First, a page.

And finally, yes, I think the bonsai world is just fine. It is refreshing that the men are so blunt. If women aren't interested in participating, it is their loss. I really don't think that there is a "glass ceiling" in any sense in the bonsai scene, so what is there to change? My suggestion about more indoor/tropical trees was, as a solution, rather limp and watery. It is making a space that doesn't exist just to attract people who wouldn't otherwise be interested. Where does that go? Much better to concentrate on those people who are avid, obsessed, dedicated.....
Joanie


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 Post subject: Re:
PostPosted: Mon Jun 27, 2005 12:37 pm 
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Location: Seattle, WA
Joanie Berkwitz wrote:
Thank you, Lisa! I was a little worried that my perception of the ratios was skewed, hence the research. And I did a little more last night, which brought to light a very interesting twist.
If you look at the club officers rosters, many if not most of the officers are women. Yes, try it yourself. I did about ten last night before getting too tired. Especially in the US. The women are officers, but still mostly men participating, showing, and demonstrating

Fascinating observation, Joanie! This is certainly true of the clubs that I am familar with.
My only point of possible disagreement is over whether the bonsai world is fine as is. I agree that it is fine if the gender ratio of participation truly reflects the gender ratio of interest. But if women are interested, coming to meetings or internet forums, and then leaving because they don't feel like dealing with yet another "boy's club" where they are made feel slightly out of place and where their opinions and contributions are undervalued --- that is a problem.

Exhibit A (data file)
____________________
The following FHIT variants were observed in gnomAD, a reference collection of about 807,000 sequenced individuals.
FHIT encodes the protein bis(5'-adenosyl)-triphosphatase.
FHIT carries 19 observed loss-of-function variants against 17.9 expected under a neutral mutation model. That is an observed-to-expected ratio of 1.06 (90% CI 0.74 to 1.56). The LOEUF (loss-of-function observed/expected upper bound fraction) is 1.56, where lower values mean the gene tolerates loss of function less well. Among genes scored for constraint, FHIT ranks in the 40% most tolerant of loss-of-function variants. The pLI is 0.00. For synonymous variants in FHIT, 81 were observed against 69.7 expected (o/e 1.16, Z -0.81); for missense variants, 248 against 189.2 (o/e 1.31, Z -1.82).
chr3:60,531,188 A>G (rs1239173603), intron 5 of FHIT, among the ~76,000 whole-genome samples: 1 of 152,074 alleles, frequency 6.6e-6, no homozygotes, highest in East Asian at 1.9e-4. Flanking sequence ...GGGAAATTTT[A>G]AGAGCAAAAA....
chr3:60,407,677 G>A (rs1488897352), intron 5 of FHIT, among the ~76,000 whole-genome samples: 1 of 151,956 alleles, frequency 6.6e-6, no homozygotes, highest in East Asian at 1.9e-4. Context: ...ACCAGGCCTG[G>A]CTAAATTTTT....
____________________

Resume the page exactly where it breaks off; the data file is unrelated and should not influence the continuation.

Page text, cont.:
Best regards,
Carl


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PostPosted: Mon Jun 27, 2005 2:12 pm 
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That's a reasonable thought, Carl. But as a woman who has fairly recently joined two clubs, and been interacting with them quite a bit, I really do think that bonsai is just a more masculine hobby. If women wanted to do it, they would, there is no gender prejudice involved. In fact, just the opposite. Women are encouraged to participate when they are in the clubs, and are looked after quite nicely, at least in our two. I can't tell you how many welcomes, how many personal introductions we received, when my friend and I joined.
There just seem to be two factors at work, at least in my opinion, and here we are on shakier ground. With the emphasis on larger, more elaborate trees (Walter's picture with the caption "Now you see how big the tree is" comes to mind) and the emphasis on outdoor trees, I really do suspect that it is an outdoor/rugged/masculine hobby as it is currently judged and shown. The little trees, the delicate trees, are not the ones getting attention and consideration. Someone who is committed to bonsai needs to go outside a LOT, not just in spring and summer like rose growers or flower growers. They need to be able to repot and prune, which is more difficult to do with gardening gloves. They need to sift soil and collect moss. It isn't the nurturing or pruning (think of a rose bush after pruning) or the heavy work. It is the perception that bonsai can't be kept indoors, and the good trees tend to be larger trees. Look at the emphasis on pines and junipers. Then look at the bonsaiTALK contest and see what the women entered. This is, however, just an opinion. How do you find out why someone isn't attracted to something?